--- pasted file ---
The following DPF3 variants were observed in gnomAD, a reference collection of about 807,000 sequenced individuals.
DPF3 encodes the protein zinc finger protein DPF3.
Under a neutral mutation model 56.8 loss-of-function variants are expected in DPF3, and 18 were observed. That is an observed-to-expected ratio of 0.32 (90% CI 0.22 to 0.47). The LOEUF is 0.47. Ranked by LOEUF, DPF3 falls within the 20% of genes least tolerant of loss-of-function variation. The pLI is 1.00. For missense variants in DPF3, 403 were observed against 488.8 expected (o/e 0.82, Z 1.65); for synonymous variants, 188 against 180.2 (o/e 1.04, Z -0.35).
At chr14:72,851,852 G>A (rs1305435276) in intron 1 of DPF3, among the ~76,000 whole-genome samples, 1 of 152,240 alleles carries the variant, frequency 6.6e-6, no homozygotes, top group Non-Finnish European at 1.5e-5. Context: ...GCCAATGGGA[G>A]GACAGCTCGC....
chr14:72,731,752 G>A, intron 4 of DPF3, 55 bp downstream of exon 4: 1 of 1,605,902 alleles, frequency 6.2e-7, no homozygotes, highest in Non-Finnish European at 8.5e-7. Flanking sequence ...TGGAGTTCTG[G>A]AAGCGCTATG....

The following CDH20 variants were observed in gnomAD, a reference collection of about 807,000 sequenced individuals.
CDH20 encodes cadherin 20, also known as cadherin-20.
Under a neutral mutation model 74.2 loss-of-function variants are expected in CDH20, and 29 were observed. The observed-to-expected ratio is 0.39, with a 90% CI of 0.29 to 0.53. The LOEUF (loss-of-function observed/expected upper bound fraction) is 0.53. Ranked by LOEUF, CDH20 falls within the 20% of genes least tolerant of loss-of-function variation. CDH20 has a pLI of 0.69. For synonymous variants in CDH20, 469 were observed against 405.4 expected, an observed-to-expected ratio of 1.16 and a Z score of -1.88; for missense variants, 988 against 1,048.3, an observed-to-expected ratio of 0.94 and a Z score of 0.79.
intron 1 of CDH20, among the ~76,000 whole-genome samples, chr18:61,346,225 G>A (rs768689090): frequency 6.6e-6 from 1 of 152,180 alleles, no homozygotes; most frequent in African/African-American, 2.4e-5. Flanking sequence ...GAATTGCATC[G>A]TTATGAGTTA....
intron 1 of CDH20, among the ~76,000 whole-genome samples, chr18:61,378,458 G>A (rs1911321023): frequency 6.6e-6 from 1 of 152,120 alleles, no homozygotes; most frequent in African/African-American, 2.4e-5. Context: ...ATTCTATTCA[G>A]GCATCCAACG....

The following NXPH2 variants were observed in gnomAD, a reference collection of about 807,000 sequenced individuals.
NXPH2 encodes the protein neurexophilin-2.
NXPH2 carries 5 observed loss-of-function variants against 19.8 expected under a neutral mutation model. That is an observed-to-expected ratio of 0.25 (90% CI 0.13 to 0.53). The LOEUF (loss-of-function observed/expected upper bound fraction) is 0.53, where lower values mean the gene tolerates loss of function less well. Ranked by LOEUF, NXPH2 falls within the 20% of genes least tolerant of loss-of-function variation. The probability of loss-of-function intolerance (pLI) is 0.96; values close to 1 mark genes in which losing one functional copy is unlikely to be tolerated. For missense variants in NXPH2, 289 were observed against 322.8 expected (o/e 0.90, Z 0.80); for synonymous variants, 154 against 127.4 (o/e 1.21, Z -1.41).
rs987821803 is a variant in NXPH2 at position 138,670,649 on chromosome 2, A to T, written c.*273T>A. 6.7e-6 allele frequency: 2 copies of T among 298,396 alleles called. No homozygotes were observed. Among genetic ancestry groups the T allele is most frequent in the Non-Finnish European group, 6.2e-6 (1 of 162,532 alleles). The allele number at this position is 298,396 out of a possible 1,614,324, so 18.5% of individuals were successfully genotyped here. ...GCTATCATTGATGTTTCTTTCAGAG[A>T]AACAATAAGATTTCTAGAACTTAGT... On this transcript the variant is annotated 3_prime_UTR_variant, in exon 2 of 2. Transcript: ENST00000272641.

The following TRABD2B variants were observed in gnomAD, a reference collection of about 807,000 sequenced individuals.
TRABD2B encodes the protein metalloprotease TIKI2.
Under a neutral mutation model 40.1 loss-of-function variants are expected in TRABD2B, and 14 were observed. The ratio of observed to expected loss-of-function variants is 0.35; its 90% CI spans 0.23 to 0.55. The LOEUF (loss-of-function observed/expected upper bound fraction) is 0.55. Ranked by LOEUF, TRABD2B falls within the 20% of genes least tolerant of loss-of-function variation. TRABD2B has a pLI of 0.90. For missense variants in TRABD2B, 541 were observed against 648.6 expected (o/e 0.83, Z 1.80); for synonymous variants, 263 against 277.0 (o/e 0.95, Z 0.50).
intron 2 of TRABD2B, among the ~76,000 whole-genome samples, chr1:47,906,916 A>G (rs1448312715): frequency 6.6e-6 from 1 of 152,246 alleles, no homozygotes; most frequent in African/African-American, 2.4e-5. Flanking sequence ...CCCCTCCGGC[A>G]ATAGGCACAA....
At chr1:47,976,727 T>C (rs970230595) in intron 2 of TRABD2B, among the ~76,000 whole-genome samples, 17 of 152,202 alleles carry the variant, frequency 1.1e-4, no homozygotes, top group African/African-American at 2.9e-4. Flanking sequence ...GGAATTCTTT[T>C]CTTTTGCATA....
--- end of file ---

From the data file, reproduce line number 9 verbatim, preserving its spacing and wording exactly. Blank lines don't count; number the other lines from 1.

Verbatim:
intron 1 of CDH20, among the ~76,000 whole-genome samples, chr18:61,346,225 G>A (rs768689090): frequency 6.6e-6 from 1 of 152,180 alleles, no homozygotes; most frequent in African/African-American, 2.4e-5. Flanking sequence ...GAATTGCATC[G>A]TTATGAGTTA....